Buying Bitcoin Or Ethereum

5 minute read

The last few months have been insane in the cryptocurrency market, like no other financial market I’m aware of in history. There have been altcoins making +1000% gains in 24 hours, over the last month. It’s been nearly impossible to not take some profits during this bull market. As a result, I’m often asked how to buy bitcoin, so I’m writing this as a place to point people.

NOTE: This article is not investment advice :D

The first thing you need to do is find a trusted exchange. These change regularly unfortunately, but this year I’ve been really impressed with Shakepay if you’re Canadian, otherwise I recommend Coinsquare. If you’re American, check out Coinbase. There are hundreds of exchanges, but I recommend using an on-ramp exchange in your own country for a bunch of reasons I won’t detail here. I use the term on-ramp exchange, because they are going to on-ramp you into Bitcoin or Ethereum to get started. You’ll likely also want want an account on Binance as it is usually the best to trade on with the most liquity if you get into trading.

Think of on-ramp exchanges like a currency exchange kiosk at an airport, if you’re headed to Belgium, you’ll want to exchange your currency (CAD or USD) for Euros. These on-ramp exchanges do the same thing if you’re headed to digital/internet land, you’ll be trading your currency (CAD or USD) for Bitcoin (BTC) or Ethereum (ETH) to get started.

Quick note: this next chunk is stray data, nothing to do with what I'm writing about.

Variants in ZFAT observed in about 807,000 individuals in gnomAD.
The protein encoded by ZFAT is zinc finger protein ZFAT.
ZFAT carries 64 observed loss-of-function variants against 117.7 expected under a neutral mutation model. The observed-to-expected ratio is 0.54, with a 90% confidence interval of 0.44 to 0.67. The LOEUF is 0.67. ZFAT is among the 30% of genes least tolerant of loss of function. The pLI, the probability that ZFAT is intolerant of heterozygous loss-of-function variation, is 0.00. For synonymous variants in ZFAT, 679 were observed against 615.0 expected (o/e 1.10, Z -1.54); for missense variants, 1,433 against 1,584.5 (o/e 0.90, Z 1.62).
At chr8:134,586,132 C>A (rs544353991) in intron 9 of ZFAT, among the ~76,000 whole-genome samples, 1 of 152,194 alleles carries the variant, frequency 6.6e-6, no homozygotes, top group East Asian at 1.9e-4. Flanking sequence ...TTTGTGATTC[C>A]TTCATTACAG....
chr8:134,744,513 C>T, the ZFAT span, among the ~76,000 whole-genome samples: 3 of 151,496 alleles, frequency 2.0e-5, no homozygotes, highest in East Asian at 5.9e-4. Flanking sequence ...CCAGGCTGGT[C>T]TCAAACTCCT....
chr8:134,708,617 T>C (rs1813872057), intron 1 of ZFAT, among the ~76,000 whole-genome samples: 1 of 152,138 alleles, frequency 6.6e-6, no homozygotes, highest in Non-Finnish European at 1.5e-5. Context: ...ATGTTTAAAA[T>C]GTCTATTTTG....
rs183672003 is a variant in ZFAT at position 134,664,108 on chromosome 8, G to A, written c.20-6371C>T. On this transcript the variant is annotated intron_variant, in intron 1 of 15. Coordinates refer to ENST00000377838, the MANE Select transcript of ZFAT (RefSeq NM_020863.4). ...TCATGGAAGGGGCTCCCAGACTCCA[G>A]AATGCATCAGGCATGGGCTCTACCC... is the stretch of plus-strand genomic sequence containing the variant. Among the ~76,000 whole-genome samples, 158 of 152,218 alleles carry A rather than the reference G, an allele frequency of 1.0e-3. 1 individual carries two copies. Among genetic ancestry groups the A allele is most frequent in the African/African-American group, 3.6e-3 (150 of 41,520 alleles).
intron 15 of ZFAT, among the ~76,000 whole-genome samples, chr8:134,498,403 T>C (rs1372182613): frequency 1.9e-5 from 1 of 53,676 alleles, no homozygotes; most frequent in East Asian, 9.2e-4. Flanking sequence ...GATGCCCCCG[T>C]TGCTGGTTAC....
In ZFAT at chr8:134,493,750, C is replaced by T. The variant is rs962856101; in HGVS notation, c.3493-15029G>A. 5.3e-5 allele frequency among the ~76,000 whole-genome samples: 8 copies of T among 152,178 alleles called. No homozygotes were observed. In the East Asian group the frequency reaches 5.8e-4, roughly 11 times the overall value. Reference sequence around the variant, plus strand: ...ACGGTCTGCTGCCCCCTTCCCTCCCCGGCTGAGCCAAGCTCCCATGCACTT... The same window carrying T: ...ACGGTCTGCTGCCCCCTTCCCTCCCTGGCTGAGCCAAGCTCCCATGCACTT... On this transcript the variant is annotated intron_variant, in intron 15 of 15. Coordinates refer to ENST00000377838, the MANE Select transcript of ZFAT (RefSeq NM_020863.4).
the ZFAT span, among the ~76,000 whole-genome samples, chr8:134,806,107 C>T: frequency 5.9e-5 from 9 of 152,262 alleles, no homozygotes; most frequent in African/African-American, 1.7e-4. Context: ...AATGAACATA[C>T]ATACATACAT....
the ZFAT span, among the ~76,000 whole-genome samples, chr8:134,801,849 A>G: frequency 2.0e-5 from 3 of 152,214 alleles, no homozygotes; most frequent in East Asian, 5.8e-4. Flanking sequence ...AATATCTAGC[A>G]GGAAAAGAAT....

Once you start to sign up for one of these websites, you’ll notice that once you begin the process there’s something different about these websites than most websites you sign up for, and that’s called the Know Your Customer or KYC process. KYC is needed on all legal on-ramp exchanges as the KYC process is used for anti-money laundering (AML) and counter terrorist financing (CTF) purposes. In order to comply with KYC, they’ll likely ask you to send a picture of your government ID (license/passport) and a recent or live picture or video of yourself. Once you complete this process, it will be sent to them, and they require a human to verify it, so it’s not uncommon to take a few days, although sometimes you’ll be verified in minutes.

I’m going to assume you’ve now been KYC verified on your local on-ramp exchange. If not, go back and start this process now as this is the biggest time delay in getting you started.

Now that you have n verified account, you’ll want to send your local currency from your bank to the exchange. In the case of Shakepay, you can link it to your bank account so you can send or receive money whenever you want. If you’re using Coinsquare, you can send money via Interac e-transfer. Each exchange has its own capabilities in terms of how you can send it money. This is the second biggest delay usually, so go through this process now. With some exchanges, like Coinsquare, they put a 3 day hold when your money arrives. With Shakepay, you can use it right away. I would only send like $100 your first time, until you’re comfortable putting money in, and taking it back out of the system.